“To date there are 19 peer-reviewed science papers addressing human health in mountaintop removal communities,” said Bo Webb, member of Coal River Mountain Watch, who is testifying as a witness in today’s hearing. “Not a single one of them has been scientifically refuted. And yet, the chair of this committee has refused to acknowledge this growing health crisis. Instead, he has chosen to serve the for-profit interests of an industry that is harming us. This committee hearing is an affront to people living—and dying—in mountaintop removal communities.”
“The Obama administration must reinstate and enforce the stream buffer zone rule to protect the very existence and culture of Appalachian people,” said Maria Gunnoe, organizer with the Ohio Valley Environmental Coalition and Goldman Prize recipient. Gunnoe is testifying as a witness in today’s hearing. “We have witnessed a history of abuses that the coal industry has left in its path—a history that is unimaginable by most people in this country,” said Gunnoe. “Mountaineers will never be free until the madness of blowing up mountains and burying streams ends. The Reagan-era stream buffer zone rule must be reinstated and enforced to protect American lives from these unconscionable industry practices.”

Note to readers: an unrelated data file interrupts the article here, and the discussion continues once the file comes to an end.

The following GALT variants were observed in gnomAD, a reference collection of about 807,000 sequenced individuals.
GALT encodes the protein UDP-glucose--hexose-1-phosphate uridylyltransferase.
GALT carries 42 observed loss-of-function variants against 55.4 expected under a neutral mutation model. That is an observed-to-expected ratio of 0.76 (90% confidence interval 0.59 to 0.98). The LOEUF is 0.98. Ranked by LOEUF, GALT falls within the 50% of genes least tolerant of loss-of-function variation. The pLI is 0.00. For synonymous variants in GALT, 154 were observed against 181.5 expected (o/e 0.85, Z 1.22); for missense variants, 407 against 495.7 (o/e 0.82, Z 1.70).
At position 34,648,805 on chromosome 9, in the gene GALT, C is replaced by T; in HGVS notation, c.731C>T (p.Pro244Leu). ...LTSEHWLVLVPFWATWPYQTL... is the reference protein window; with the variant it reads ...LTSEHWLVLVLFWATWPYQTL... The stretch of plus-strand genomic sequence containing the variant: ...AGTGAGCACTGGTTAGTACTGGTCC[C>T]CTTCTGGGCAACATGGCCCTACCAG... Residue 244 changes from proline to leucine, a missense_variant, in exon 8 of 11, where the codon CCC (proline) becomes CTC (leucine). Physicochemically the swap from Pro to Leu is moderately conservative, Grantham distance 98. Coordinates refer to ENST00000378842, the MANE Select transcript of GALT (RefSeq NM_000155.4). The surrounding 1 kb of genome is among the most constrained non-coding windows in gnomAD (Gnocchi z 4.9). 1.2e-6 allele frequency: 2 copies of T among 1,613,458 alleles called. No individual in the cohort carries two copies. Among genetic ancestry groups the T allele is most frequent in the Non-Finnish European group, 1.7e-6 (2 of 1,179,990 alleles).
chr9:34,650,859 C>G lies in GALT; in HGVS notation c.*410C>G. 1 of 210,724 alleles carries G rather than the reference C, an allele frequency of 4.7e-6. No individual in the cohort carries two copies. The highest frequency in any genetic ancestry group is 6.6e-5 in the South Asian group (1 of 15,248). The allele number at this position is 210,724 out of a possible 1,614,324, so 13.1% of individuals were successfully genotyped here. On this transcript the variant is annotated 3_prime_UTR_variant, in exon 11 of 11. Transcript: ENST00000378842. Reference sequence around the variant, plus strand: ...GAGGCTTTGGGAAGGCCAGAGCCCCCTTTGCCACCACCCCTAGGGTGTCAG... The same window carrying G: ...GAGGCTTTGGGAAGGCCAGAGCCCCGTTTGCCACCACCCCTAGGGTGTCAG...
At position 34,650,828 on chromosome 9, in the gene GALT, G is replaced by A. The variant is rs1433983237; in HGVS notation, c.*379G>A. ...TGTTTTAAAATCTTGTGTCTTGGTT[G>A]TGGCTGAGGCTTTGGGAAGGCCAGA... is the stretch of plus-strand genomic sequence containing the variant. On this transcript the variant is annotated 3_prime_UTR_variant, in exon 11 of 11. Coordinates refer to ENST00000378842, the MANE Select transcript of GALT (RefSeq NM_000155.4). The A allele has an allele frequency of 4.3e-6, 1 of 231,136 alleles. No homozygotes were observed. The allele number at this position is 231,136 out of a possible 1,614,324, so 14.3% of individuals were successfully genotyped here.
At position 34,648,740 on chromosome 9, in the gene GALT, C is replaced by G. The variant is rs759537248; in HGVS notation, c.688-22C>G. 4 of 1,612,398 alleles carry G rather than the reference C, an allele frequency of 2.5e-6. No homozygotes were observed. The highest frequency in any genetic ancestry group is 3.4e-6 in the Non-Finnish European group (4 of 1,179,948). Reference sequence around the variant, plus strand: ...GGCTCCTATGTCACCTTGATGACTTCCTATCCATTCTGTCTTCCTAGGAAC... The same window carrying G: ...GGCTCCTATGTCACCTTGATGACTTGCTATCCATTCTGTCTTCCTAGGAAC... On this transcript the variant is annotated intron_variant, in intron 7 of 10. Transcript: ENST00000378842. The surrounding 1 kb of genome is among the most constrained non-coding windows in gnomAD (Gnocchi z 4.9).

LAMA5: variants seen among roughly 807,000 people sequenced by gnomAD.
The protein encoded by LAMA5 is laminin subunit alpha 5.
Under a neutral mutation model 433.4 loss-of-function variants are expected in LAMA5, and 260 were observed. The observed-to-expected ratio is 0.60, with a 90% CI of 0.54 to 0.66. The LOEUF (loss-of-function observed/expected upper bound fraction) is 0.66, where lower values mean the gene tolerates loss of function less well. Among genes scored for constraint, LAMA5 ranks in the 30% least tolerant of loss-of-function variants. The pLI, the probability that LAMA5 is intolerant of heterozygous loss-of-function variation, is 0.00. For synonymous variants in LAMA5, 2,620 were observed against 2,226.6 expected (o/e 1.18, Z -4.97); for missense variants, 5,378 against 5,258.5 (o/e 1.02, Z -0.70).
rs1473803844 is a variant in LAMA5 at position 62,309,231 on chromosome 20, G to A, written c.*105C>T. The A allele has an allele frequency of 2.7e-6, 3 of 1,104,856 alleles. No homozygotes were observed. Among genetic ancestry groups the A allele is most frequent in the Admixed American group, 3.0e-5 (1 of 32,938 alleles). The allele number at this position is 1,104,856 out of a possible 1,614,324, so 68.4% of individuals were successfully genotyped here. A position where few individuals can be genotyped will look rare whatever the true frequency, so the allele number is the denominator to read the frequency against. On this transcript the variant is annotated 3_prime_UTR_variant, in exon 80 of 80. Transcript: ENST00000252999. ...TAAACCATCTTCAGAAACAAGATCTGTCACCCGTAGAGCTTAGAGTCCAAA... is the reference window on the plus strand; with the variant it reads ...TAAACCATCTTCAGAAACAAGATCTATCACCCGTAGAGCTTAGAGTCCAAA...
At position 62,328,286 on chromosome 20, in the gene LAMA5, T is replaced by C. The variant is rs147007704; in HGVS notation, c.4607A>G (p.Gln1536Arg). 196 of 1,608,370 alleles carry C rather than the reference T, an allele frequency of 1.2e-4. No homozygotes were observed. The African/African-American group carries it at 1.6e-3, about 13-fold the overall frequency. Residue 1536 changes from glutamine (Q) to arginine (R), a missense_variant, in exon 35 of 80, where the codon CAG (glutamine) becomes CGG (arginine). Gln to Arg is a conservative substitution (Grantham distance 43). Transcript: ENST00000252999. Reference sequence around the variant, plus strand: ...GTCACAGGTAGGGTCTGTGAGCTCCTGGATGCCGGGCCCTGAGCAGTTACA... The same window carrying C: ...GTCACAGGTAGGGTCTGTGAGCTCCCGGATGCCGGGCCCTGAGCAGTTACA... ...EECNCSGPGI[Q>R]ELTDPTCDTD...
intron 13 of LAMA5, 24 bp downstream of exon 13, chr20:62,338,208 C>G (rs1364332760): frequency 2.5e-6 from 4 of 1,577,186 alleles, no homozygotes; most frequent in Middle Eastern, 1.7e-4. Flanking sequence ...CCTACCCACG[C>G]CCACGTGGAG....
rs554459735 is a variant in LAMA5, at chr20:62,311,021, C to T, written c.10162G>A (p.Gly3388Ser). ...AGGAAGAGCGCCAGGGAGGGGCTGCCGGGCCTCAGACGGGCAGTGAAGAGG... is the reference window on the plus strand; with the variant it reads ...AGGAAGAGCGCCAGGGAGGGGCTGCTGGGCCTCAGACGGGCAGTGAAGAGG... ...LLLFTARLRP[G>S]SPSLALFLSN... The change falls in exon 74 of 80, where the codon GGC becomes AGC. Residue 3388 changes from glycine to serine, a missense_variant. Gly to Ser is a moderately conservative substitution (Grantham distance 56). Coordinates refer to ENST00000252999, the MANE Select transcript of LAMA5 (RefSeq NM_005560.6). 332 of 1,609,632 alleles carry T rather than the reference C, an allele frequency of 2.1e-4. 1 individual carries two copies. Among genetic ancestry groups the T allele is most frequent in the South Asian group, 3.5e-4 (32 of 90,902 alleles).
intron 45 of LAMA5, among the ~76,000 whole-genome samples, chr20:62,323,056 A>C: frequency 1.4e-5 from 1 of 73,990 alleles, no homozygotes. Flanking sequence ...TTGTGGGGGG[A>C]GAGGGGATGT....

“Ignoring the clear meaning of the ‘stream buffer zone rule,’ state regulators have allowed one stream after another to be destroyed,” said Cindy Rank, chair of the Mining Committee of the West Virginia Highlands Conservancy. “Some, like Connelly Branch of the Mud River, are two miles long—certainly not the ‘dry ditches’ industry claims. As more stream valleys become waste dumps for excess rock, more mountains can be blown apart and more mountain communities are consumed in the process. The villages of Mud and Berry Branch have disappeared, as have so many other small towns where people have had to leave in advance of the mining. Those who can stay on the edges of the destruction suffer mental and physical harm from the mining itself and from the loss of their neighbors and the communities that supported them.”
A growing body of peer-reviewed scientific studies show that people near mountaintop removal mining are twice as likely to get diagnosed with cancer than people elsewhere in the country, and rates of birth defects near mountaintop removal mining are 42 percent higher than in areas without mountaintop removal mining, after controlling for a range of other factors.
“Instead of working to protect the public, these lawmakers are enabling a destructive industry to continue having its way with our land, our water and our very lives,” said Vivian Stockman of the Ohio Valley Environmental Coalition. “The politics here are sickening, but not as sickening as the real-life health impacts of mountaintop removal mining on our waters and our lives. It’s time these politicians put the health and lives of Appalachian residents above their political campaign interests.”